Trous d'air peur en avion Fofly


If you have been on an airplane several times, you have probably experienced more or less sudden jolts, felt in the passenger compartment. You may even have assimilated them to air holes. This concept, also called “air pockets”, is of great concern to victims of fear of flying. However, there are often great misunderstandings about it! This article is a review to get to the bottom of the truth about air holes in airplanes.

Preconceived ideas about air holes

Air holes are one of the most common misconceptions that most air travelers face! Horizontal jerks would be due to alleged ” air holes “. This would be a bag of vacuum in the atmosphere that would cause the plane to fall a few meters, or suck it upwards, causing a sudden movement in the cabin. This is the same phenomenon that is sometimes described as an “air pocket”.

Do air holes exist?

Actually, not at all! We cannot be any more clear on the subject: air holes do not exist… It is physically impossible to have a vacuum pocket in the earth’s atmosphere. There are no more air holes in the sky than there are water holes in a lake. The sky is a continuous mass of matter, in which airplanes float continuously thanks to finesse (the concept is explained in detail on the following link ).  

Therefore, why do many people still believe in air holes? It’s simply because the expression is particularly meaningful. It embodies a genuine phenomenon, that of turmoil, which has nothing to do with “empty air pockets”.

Air holes vs. aircraft turbulence

If air holes do not exist, on the other hand, we have all experienced turbulence during a plane trip. They are the ones that cause the more or less light shaking of the plane’s cabin.

Turbulence is likely to cause a sudden upward, downward or sideways movement of the aircraft, shaking passengers and objects in the cabin. It is strongly felt by passengers: it sometimes gives the impression that the plane has moved several meters, or about ten meters! But this is not the case: turbulence only alters the plane by a few centimeters. The most important (and the rarest) turbulences do not exceed ten centimeters!

But the feeling is there. This is where the fear of air holes, or air pockets, was born… In fact, turbulence and air holes are almost synonymous in everyday language. However, only turbulence exists… And it is not a cause for concern as long as your seatbelt is fastened properly.  

What is turbulence?

Turbulence is caused by the movement of air masses in the atmosphere. These movements are mainly due to the temperatures of these masses: warm air tends to rise and cold air tends to fall. Sometimes air masses change position because they encounter mountainous relief. These phenomena cause winds at high altitude, over several hundreds or thousands of kilometers.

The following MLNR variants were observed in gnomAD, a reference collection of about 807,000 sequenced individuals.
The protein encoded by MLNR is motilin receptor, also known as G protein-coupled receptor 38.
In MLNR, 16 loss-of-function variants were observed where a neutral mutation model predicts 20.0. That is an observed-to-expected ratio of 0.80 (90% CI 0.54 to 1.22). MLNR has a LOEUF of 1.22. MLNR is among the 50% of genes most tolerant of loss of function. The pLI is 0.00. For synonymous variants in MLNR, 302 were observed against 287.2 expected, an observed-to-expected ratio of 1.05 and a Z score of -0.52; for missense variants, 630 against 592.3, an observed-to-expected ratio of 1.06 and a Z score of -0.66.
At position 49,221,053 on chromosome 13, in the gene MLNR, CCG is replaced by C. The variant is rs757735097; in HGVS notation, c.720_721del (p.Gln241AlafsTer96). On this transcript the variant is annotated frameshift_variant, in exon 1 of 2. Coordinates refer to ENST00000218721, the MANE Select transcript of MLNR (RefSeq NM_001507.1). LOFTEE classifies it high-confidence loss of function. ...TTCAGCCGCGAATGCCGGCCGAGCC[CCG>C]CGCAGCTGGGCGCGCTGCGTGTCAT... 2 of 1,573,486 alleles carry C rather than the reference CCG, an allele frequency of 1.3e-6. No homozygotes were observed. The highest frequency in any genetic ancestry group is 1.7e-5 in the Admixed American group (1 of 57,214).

The turbulence meets the plane and is felt in the cabin, but it is nothing exceptional. In spite of the feeling, the jolts are actually very light! They are similar to the jolts of a car driving over a pothole or on a paved road.

Should we be afraid of turbulence?

Under no circumstances! Turbulence does not present any risk for the aircraft. From two-seater to long-haul, all aircraft have been designed to withstand these perfectly normal flight events. Moreover, as Nicolas Coccolo (pilot and trainer on the training courses) reminds us, “No plane has ever crashed because of turbulence. They do not present any danger, neither for the cabin nor for the instruments”.

Air holes or turbulence are no more dangerous than light waves for a boat. At most, they cause discomfort for passengers, that’s why pilots try to avoid them as much as possible.

They know them well: 95% of turbulence is anticipated before taking off, thanks to the weather preparation. Many are related to the geographical area: we have more chances to meet some in South-East Asia, during monsoon period, than in Europe for example.

The mountainous relief or the “basins” can cause turbulence, especially near airports.

Finally, air safety is also working to improve the detection of turbulence. The pilot already manages to avoid most of it. For the others, the only risk is that of being injured if one is not tied up. So you just have to fasten your seatbelt tightly so that you don’t have to worry about “air holes”!